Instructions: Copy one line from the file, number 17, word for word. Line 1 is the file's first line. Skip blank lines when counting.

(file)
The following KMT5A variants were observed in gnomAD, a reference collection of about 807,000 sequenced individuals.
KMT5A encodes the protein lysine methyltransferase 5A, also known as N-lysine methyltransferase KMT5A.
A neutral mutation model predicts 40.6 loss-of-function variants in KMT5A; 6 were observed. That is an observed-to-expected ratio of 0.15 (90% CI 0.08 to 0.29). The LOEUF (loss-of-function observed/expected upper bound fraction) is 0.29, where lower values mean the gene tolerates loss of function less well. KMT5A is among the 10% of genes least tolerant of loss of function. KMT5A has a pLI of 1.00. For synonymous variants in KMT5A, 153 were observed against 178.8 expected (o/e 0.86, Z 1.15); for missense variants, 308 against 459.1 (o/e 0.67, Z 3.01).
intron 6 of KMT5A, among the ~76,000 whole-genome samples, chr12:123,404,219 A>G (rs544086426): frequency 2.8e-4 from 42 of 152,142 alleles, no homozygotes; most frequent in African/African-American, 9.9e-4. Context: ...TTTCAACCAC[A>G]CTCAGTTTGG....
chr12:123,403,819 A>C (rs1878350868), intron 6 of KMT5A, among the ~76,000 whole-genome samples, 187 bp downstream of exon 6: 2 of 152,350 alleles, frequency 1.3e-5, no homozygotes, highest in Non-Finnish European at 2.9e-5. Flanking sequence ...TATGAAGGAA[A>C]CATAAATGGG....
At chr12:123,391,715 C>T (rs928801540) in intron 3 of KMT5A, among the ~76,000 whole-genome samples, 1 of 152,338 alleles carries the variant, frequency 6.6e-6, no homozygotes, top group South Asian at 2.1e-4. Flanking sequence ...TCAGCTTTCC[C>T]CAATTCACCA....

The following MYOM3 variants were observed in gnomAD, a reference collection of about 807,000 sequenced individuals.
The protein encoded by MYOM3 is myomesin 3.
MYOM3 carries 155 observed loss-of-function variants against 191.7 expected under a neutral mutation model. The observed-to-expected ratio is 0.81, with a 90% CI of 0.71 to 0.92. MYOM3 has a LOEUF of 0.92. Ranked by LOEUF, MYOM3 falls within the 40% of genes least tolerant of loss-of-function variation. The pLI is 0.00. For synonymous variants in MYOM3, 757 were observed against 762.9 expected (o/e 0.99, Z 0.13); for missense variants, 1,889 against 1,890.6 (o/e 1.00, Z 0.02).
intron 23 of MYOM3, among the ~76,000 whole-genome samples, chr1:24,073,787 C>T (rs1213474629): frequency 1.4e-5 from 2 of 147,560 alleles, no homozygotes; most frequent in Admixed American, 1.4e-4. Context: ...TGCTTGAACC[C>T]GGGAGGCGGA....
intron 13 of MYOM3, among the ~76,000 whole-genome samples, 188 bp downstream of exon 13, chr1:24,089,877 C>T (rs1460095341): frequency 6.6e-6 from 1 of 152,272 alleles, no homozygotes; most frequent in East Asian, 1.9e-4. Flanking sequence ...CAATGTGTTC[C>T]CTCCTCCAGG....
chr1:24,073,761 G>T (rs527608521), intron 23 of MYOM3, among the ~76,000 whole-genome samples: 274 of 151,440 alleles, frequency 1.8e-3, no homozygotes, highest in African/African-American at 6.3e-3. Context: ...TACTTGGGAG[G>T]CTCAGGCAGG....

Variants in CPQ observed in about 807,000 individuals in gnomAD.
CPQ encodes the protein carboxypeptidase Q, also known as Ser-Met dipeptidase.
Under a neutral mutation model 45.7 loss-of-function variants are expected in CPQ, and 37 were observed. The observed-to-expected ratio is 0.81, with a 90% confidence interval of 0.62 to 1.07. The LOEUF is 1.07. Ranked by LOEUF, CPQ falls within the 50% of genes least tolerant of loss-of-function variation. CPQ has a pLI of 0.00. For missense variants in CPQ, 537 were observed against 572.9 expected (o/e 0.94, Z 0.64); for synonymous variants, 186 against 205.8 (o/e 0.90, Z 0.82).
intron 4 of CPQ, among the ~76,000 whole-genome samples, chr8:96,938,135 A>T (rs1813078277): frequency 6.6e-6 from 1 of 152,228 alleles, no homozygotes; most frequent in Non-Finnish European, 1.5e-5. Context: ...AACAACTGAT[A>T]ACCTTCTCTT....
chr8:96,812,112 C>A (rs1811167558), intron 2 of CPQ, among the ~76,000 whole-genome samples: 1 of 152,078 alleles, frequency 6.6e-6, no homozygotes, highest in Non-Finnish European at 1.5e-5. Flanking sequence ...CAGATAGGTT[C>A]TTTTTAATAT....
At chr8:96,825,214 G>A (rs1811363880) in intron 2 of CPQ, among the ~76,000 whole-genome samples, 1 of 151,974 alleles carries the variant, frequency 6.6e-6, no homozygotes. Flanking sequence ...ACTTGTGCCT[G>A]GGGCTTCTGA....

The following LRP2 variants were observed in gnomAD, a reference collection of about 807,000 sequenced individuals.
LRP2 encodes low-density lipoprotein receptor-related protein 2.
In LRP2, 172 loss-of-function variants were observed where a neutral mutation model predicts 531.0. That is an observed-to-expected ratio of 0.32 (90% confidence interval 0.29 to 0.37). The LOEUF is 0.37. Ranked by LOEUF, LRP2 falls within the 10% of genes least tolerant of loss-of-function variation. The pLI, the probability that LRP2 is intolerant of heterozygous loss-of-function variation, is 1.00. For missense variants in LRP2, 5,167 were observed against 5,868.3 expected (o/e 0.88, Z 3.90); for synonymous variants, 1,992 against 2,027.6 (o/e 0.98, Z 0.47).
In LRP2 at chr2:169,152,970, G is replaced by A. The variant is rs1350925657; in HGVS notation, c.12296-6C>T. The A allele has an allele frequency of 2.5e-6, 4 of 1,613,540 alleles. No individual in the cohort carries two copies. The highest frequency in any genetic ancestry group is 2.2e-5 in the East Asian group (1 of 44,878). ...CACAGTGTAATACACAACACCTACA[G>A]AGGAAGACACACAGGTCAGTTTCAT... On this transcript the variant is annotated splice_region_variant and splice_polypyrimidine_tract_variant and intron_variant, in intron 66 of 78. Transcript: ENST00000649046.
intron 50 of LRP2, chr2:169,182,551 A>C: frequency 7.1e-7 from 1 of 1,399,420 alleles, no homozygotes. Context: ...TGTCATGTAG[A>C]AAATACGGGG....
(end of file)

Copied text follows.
chr8:96,812,112 C>A (rs1811167558), intron 2 of CPQ, among the ~76,000 whole-genome samples: 1 of 152,078 alleles, frequency 6.6e-6, no homozygotes, highest in Non-Finnish European at 1.5e-5. Flanking sequence ...CAGATAGGTT[C>A]TTTTTAATAT....